In the first three nights, Durga is invoked for its strength and ferocity that are required to eliminate from the mind its negative and deep-rooted tendencies. The noble virtues and the supreme knowledge of the Self can only be obtained when all the malignant tendencies in the mind are destroyed. The energy behind Durga is the one responsible for fighting against these damaging forces.
The murder of Mahishashura (demon Mahisha) by Durga essentially symbolizes the destruction of the malignant tendencies of the mind. But destroying them is very difficult. Maybe the most difficult challenge we have to face in life. The buffalo that demon rides represents the evil qualities within of all us. It reminds us that, despite having a lot of energy and potential, we prefer not to do anything for our spiritual emancipation. Our homage to Durga during the first three nights of Navaratri is, in reality, our invocation to the Divine Power within us to help us destroy our animal tendencies. This year is celebrated from the 10th (New Moon) to 18th October, 2018. And in every Hindu house is venerated during these days...
Durga is the Mother Goddess and symbolizes the source of all energy, birth, creation, Nature without being tamed... That energy is what generates movement in all the elements of the Universe. The soul, or the existential center of our Being, is not able to generate movement by itself, it is static in essence. It needs, therefore, an energy that drives it. This energy is called Shakti and Durga is the personification of that force that moves the universe as a whole. As this Philosophy believes in the cycle of reincarnations (rebirth) until we get free from our karmic burdens, throughout our lives we face various challenges to get rid of the enemies of our soul, that is, the elements that hinder their purification.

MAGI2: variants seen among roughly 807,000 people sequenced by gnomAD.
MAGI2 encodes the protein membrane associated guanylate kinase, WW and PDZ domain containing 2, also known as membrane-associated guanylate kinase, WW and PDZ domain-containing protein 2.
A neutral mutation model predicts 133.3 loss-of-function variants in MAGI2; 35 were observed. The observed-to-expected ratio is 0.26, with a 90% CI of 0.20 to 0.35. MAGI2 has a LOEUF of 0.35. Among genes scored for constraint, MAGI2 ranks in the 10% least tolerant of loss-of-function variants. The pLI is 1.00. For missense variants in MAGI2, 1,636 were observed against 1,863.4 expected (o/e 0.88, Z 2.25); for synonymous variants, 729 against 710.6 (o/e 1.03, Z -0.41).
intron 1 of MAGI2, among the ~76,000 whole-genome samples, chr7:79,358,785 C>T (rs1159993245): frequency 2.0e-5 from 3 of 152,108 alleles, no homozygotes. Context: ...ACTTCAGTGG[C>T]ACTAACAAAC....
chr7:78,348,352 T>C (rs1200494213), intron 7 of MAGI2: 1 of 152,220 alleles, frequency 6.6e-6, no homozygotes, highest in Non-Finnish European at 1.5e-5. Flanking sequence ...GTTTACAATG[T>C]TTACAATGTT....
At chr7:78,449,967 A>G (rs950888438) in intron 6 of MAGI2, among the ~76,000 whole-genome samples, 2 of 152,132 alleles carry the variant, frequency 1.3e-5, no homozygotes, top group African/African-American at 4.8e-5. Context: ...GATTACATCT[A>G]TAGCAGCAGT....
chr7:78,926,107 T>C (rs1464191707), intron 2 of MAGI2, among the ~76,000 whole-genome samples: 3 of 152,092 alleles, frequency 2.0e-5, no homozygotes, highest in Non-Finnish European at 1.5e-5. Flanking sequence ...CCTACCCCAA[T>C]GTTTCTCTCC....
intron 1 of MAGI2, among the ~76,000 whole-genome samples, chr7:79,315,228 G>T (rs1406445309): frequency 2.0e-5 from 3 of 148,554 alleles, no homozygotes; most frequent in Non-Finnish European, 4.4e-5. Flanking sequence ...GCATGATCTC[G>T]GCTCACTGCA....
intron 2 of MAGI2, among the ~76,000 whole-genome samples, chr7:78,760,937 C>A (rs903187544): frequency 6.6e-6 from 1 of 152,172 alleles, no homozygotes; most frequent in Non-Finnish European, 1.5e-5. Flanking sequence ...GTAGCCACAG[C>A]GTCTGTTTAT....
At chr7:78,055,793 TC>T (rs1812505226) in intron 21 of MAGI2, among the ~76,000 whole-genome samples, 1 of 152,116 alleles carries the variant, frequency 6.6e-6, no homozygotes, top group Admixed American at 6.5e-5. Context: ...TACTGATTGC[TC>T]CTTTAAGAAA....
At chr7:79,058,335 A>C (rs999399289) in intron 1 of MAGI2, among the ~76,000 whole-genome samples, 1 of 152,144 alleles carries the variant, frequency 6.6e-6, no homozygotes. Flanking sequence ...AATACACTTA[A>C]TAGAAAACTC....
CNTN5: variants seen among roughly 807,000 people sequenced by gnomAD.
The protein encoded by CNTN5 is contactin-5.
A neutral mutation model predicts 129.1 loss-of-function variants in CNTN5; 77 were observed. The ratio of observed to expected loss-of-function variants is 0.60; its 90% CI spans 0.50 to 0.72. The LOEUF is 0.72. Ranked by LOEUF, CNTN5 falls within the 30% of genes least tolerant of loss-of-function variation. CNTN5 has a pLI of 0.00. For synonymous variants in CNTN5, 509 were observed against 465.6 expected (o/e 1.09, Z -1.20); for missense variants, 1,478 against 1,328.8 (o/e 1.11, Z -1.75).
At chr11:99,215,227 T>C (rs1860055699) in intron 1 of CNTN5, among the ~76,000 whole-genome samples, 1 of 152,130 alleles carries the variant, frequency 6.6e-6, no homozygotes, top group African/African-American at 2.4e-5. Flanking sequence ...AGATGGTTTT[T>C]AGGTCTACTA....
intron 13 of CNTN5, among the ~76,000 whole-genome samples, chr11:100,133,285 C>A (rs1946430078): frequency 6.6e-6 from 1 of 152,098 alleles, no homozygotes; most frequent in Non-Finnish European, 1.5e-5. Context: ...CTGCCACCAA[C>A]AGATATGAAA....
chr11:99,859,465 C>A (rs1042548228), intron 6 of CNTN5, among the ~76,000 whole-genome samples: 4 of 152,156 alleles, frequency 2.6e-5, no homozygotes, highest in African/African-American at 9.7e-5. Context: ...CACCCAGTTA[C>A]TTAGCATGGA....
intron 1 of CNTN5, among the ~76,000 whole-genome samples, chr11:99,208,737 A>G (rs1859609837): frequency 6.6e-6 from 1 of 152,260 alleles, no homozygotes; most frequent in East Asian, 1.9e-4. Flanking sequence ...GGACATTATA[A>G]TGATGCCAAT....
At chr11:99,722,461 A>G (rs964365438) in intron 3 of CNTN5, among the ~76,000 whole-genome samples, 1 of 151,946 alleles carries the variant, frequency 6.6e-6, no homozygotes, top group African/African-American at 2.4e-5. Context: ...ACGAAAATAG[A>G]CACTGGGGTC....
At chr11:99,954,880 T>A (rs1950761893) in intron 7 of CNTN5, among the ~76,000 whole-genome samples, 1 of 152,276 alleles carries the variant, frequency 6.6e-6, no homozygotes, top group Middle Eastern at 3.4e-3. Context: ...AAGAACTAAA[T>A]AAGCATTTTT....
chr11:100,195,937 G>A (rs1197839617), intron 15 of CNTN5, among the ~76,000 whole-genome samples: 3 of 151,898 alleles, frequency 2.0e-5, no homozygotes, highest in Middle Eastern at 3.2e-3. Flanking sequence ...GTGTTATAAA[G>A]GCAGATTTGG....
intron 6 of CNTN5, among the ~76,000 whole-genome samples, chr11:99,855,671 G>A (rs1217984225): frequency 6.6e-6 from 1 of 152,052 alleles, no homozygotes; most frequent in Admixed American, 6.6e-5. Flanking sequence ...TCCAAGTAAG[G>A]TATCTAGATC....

On the next three nights, Laxmi is revered. For the knowledge of self-realization to reach us, we must first prepare our minds. She represents the wealth that we assume only as material wealth. But material wealth is necessary only in this world and must always be considered from discipline, respect, sincerity, kindness and love. This energy helps us to understand that we need material elements, but always from self-control and with an evolutionary attitude toward material detachment. Anything in excess can be positive. The values represented by Laxmi impel us to nourish and purify our minds.
The last three nights focus on reverencing the goddess Saraswati. Victory over the mind can only be gained through adequate knowledge and complete understanding. She symbolizes the highest understanding of the Self. If we do not obtain it, then our knowledge about all other matters has no validity or real value.
Moreover, each of the 9 days that Navaratri lasts focuses on the struggle of those forces that disturb the mind and, therefore, block the way for the purest knowledge of the Self. If the mind keeps blocking us, it is very difficult to understand the immensity of our existence and origin and, therefore, we continue to understand the world only through our senses, i.e., outwards. That is why Durga is represented in different ways, each with a genuine personality and energy to combat those forces that block us and get the highest wisdom about ourselves and about who we really are.The message behind Durga's icon is that, if we want to find our divine essence, we must be able to control and tame our instincts and animal impulses. Therefore, the Vedas give guidelines on how to achieve it and, one of the bases for understanding and managing the aspects of the mind is Yoga and, especially, through its Philosophy, since it gives us useful recommendations on how to deal with the issues related with the mind, its balance and understanding.
According to this Philosophy, we are spiritual beings (atman) having a human experience (maya). However, the role of our mind is to create challenges that contaminates our being as a whole. To discover and connect with that spiritual being that we all are in essence, what we really need is to cultivate wisdom, manage our senses and get rid of our ego.
Because ... "The unexamined life is not worth living" (The Apology of Sócrates 399 BC.)...
*We apologize for possible errors made in translation.